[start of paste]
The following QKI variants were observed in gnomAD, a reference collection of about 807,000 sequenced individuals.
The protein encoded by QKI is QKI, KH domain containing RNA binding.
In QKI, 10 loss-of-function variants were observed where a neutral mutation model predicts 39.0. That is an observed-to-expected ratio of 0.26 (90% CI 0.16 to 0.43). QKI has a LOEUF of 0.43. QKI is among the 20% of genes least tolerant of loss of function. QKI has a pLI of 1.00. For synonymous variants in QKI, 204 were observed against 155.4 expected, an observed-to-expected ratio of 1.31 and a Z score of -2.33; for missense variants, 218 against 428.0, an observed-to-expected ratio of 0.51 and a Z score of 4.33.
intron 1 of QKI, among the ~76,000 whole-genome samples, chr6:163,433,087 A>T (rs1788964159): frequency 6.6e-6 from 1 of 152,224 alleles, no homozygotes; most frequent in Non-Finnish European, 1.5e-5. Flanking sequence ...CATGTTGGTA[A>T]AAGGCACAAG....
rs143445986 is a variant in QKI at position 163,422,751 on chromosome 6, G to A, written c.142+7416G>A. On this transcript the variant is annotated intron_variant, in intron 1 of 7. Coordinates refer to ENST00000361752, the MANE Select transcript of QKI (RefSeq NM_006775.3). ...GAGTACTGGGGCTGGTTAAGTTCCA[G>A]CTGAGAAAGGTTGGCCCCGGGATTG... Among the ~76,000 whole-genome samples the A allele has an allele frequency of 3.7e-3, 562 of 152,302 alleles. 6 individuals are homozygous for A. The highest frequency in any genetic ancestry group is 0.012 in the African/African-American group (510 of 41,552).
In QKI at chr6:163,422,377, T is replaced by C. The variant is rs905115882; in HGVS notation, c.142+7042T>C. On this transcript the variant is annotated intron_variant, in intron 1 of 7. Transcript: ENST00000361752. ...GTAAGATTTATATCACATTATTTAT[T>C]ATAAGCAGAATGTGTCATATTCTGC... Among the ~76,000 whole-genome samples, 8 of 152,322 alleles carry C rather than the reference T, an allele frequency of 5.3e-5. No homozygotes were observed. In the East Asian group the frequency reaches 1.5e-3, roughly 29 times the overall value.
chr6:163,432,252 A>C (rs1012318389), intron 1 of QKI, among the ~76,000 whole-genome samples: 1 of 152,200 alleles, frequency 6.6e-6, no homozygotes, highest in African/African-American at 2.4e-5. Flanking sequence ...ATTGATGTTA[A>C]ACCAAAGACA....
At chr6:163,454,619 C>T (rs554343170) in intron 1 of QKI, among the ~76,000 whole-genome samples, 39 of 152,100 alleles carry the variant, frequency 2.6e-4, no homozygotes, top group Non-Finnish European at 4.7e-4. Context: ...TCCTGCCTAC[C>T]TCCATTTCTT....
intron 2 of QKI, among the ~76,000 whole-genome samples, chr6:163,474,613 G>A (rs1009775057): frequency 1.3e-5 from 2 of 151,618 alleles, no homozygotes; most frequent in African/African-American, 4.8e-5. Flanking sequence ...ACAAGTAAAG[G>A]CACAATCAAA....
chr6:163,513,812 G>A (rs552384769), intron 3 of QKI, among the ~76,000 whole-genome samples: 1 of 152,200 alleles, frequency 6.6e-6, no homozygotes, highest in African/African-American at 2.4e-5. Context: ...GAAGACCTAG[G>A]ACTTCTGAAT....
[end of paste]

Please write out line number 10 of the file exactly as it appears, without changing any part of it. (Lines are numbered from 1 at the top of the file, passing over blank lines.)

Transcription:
chr6:163,513,812 G>A (rs552384769), intron 3 of QKI, among the ~76,000 whole-genome samples: 1 of 152,200 alleles, frequency 6.6e-6, no homozygotes, highest in African/African-American at 2.4e-5. Context: ...GAAGACCTAG[G>A]ACTTCTGAAT....